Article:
There’s something about Griesers career as a movie director that has hints of Don Dohler, not necessarily, subject and quality but determination and drive, it’s a similar energy. For those who aren’t aware, Dohler had a run of trashy sci fi movies in early 80’s including Fiend, Galaxy Invader, The Alien Factor and Nightbeast which have recently started gaining a small cult following.
Director: Matt Jaissle Starring: Deanna Cockrum, Ezekiel Alexander Enriquez, William Jassle, Rich Massey, Don Mature, Adolf Mulzer. USA. 1h 16m
It’s great to see that the truer elements of BMovies haven’t quite died out just yet. And Matt Jaissle is one of the busier directors, having a ton of interesting titles under his belt including… and then there’s the grindhouse epic of Revolution 666 blending together a pseudo Manson cult and a zombie Helter Skelter plot to destroy the world.
Director: Jason Figgis Starring: Matthew Toman, Emma Dunlop, Alan Rogers. Ireland. 1h 20m
Please correct me but this noisy thriller is Dead Man’s Shoes but in a depraved reversal where the gang, all twisted and desperate, are the saviours of a vulnerable lad…let me lead you down this bloody rabbit hole.
Director: Aaron Martinez Starring: Nathran Martinez, Luke Fowler, Jordan Tanner, Mark Gibbons. USA. 1h 48m
I think a trick was missed in this slightly confusing theological movie. The set up follows a pair of voyeuristic researchers in a lo fi sci fi bunker, their main objective is to follow a Jesus-esquema wandering in the desert searching for his daughter after an apocalypse, it’s never clear how they are filming him, who installed CCTV in the desert in this post apocalypse world..
Director: Jacob Gentry Starring: Harry Shum Jr, Kelley Mack, Chris Sullivan, Anthony E Cabral .USA. 1h 44m
Jacobs Gentry’s uncanny valley neon lit thriller is a great diversion for horror fans, but unlike other broadcast horrors it fails to give a satisfactory conclusion to its own question but will raise eyebrows though it’s stunning display of solid drama and a deep dive investigation.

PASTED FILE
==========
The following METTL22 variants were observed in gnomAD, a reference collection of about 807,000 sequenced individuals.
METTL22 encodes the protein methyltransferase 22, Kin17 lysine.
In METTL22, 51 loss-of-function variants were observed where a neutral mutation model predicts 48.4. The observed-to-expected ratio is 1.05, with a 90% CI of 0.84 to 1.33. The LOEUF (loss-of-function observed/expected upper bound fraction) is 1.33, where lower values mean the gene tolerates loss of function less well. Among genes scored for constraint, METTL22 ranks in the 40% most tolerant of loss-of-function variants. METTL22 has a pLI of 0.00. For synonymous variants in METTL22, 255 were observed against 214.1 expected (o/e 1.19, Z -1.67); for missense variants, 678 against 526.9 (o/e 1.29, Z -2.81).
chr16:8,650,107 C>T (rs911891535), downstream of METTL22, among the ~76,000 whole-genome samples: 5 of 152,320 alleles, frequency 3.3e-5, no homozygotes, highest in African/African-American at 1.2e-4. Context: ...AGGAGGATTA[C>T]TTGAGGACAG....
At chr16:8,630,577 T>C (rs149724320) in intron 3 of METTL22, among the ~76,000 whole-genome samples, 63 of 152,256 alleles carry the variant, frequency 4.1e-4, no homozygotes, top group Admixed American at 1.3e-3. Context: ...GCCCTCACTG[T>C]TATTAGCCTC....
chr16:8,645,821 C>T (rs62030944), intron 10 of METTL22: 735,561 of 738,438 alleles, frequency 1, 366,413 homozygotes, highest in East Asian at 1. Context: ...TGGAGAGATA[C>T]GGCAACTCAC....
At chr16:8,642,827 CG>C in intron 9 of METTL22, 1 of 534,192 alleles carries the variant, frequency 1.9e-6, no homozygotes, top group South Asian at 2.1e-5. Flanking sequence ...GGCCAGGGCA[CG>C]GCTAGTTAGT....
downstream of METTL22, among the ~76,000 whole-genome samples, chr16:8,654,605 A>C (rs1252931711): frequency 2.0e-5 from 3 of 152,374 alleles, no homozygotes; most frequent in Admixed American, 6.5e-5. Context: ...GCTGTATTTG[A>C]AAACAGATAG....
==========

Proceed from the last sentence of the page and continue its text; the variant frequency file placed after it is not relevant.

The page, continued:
While logging tapes of retro TV Broadcasts, a video archivist, James (Shum Jr.) discovers a disturbing clip that he believes is a sign of early hacking, out of his armchair investigation, James is innocently trying to track down the source but it turns into a deadly cat and mouse chair that night lead to solving a slew of murders.
Director: Tyler Measom and Justin Weinstein Starring: James Randi, Jose Alvarez, Penn and Teller, Adam Savage, Alice Cooper, Bill Nye, Uri Geller USA/Canada. 1h m
I tend to get my fangirl cap on when James Randi is mentioned, his insightful analysis of the world of tricksters and snake oil merchants has been a huge source of inspiration and entertainment. His brief TV show that airs in the 90’s really opened the eyes of many people to the simple tricks of the big names of mystery, Poppof and Geller were among those who were unmasked as charlatans, willing to make a quick buck claiming they have rare gifts only to have Randi rip the carpet out from underneath them. In this quaint and personal documentary, directors Measom and Weinstein spend some time with Randi and give him a chance to express his past and current life with candid insights into his biggest moments in Magical history.